In the complaint the seventh specification of negligence against the defendant was as follows:
'G. Defendant negligently failed to maintain said crossing so that the view toward said crossing for oncoming motorists and particularly for plaintiff would be unobstructed. That said crossing was obstructed by trees and shrubbery and the natural slope of the terrain; that defendant was negligent in maintaining an extra-hazardous crossing.'
The plaintiffs tendered two instructions pertaining to this charge of negligence. Tendered instruction number 23 reads as follows:
'You are instructed that the defendant was under a duty to prevent undergrowth, brush and foliage from accumulating on its right-of-way so as to obscure the view of the tracks to motorists approaching or entering said crossing. If you find that the defendant did allow undergrowth, brush and foliage to accumulate on its right-of-way and that such undergrowth, brush and foliage did in fact obscure the view of the plaintiff, Ralph Johnson and you further find that the plaintiff might have avoided colliding with the defendant's train had his view of the tracks not been obscured, you may reasonably infer that the defendant was negligent in allowing the undergrowth, brush and foliage to accumulate along its right-of-way.'
Plaintiffs' tendered instruction number 24 reads as follows:
'You are instructed that at all times in issue, there was a statute of the State of Indiana which was in full force and effect provided as follows:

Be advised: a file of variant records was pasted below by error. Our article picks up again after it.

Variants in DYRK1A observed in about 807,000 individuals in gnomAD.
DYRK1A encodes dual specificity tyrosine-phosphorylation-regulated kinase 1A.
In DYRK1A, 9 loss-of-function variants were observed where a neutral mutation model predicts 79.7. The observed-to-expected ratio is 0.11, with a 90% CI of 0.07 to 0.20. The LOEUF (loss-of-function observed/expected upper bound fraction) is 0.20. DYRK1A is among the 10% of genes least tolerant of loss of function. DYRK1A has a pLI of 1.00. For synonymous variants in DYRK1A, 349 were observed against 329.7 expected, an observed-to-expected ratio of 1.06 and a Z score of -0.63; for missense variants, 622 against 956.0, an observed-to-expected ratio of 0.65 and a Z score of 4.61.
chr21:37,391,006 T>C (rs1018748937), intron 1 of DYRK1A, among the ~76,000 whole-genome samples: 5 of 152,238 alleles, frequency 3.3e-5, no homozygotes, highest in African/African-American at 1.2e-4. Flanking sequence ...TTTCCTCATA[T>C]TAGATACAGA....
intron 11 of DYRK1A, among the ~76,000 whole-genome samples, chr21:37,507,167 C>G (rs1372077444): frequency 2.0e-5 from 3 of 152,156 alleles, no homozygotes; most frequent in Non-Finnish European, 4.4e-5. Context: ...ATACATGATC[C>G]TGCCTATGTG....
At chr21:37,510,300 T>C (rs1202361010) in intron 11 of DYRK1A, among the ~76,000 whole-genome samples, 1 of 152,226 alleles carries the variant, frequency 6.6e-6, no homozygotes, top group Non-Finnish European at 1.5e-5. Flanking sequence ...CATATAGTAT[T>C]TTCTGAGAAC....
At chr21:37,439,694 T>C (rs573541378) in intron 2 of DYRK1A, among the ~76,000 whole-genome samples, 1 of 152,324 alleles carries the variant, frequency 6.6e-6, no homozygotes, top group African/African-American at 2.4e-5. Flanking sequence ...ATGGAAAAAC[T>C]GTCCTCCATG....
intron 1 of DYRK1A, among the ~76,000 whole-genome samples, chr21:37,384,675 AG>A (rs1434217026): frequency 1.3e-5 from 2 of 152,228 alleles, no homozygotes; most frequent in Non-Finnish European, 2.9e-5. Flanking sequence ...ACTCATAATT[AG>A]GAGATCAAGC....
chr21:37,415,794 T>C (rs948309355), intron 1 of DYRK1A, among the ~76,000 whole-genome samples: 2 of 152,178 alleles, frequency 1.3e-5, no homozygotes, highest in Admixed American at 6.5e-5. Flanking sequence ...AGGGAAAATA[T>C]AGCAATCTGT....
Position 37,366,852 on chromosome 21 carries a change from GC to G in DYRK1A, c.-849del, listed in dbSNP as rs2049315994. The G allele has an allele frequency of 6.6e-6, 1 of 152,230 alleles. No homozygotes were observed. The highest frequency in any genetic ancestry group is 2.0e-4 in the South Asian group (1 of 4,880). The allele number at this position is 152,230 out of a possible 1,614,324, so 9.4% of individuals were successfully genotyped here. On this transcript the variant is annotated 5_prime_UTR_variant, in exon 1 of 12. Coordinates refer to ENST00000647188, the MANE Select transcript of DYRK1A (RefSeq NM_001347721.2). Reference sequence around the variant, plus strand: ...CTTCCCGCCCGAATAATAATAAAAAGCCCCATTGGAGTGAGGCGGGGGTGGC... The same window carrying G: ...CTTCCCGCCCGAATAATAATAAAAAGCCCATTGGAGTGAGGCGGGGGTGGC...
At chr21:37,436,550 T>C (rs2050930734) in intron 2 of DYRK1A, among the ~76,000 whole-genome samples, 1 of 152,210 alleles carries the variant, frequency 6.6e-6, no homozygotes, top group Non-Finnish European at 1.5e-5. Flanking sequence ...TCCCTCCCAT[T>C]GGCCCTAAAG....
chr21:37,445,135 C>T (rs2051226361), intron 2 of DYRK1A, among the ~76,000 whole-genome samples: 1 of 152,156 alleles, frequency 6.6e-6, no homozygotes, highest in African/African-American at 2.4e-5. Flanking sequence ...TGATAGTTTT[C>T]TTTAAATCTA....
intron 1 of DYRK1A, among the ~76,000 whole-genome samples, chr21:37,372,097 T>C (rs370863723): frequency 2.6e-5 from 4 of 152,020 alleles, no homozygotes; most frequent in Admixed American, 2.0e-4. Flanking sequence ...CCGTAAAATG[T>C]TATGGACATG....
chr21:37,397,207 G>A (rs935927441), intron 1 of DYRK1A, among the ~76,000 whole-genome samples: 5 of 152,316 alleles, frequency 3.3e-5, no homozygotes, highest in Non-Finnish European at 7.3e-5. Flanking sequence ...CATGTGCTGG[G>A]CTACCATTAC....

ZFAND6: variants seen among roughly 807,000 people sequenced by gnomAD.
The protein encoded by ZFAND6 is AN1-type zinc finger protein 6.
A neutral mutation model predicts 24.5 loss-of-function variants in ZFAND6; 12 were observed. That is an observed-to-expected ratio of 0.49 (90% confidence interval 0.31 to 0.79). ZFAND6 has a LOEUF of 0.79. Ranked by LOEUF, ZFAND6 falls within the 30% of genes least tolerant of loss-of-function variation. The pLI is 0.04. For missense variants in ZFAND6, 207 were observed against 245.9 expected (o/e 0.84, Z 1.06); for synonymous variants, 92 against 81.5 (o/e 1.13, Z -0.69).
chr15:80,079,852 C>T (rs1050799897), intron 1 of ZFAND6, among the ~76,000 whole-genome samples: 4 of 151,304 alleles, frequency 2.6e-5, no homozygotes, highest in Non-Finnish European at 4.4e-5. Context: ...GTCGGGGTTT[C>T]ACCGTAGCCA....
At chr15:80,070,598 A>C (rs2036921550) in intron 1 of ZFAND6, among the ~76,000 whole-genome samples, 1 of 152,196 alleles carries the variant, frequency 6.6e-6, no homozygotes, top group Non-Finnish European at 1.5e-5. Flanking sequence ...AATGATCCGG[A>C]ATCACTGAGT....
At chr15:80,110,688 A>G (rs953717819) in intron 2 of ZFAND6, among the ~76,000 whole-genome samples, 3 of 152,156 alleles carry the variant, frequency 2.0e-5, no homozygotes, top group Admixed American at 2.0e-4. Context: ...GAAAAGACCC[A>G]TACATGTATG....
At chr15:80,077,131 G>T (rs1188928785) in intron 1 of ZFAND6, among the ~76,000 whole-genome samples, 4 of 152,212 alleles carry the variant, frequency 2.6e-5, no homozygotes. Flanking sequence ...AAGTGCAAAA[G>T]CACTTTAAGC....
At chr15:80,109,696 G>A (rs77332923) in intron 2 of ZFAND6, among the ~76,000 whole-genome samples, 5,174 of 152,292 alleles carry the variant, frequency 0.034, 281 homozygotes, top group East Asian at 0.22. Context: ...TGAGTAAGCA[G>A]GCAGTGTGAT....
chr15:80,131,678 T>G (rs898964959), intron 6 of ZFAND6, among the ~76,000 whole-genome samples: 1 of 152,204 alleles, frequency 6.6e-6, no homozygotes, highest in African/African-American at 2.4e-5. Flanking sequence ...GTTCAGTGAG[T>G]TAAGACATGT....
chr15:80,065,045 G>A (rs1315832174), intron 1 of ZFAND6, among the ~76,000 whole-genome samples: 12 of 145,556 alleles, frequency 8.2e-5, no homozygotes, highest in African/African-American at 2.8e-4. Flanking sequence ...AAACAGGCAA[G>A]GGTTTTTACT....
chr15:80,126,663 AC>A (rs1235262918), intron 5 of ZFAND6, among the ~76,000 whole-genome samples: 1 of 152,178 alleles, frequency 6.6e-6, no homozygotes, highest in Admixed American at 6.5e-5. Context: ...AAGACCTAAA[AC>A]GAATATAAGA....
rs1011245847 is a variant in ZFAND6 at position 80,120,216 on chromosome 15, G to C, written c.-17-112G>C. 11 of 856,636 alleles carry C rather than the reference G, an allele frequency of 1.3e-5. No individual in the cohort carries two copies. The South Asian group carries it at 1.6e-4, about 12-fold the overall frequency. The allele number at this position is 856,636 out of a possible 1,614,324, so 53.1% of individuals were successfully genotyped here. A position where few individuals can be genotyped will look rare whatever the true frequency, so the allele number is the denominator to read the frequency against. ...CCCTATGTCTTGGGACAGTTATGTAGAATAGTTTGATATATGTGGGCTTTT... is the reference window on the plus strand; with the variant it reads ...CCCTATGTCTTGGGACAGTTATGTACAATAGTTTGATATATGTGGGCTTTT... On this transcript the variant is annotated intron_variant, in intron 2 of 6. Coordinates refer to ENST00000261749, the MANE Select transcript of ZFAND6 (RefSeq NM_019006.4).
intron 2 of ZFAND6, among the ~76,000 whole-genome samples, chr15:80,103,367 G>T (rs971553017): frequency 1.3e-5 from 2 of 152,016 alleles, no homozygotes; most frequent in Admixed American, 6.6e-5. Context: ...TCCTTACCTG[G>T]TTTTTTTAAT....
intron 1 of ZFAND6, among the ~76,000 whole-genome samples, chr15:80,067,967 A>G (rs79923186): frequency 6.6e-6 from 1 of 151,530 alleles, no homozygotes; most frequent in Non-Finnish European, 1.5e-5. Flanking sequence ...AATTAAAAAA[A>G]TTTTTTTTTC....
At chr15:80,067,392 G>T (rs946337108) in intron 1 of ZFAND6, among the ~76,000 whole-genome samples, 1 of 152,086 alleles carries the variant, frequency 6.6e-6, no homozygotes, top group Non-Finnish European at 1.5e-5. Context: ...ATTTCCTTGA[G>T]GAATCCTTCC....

'All railroad corporations doing business in this state shall between the first (1) day of July and the twentieth (20) day of August in each year, cause all thistles, burrs, docks and other noxious weeds growing on land occupied by them in any city, village or township of this state, to be cut down and destroyed.'
'If you find that the defendant violated this statute and that such violation proximately contributed to the plaintiff's injuries, such violation would be evidence of negligence on the part of the defendant.'
This instruction, number 24, substantially accurately quotes an Indiana Statute found at Burns' Ind.Stats.Annot.--Code Ed. 8--3--7--1 (55--3512) (1973), a statute which was enacted in 1889 and has not been amended since that time. A second section, now 8--3--7--2, was enacted at the same time and reads as follows:
'In case any railroad company shall refuse or neglect to comply with the requirement specified in the first section (8--3--7--1) of this act, such company shall be liable in a penalty of twenty-five dollars ($25.00), to be prosecuted for in an action of debt by any person feeling himself aggrieved. Said suit may be brought before any justice of the peace in the county, who shall require of the complainant surety to pay costs in case he fails to maintain his action; summons may be served on any agent or officer of the company.'
The trial court in settling instructions indicated it would give its own numbered instructions and would decline all of the tendered instructions 'except to the extent that said Instructions are covered in the Court's instructions.'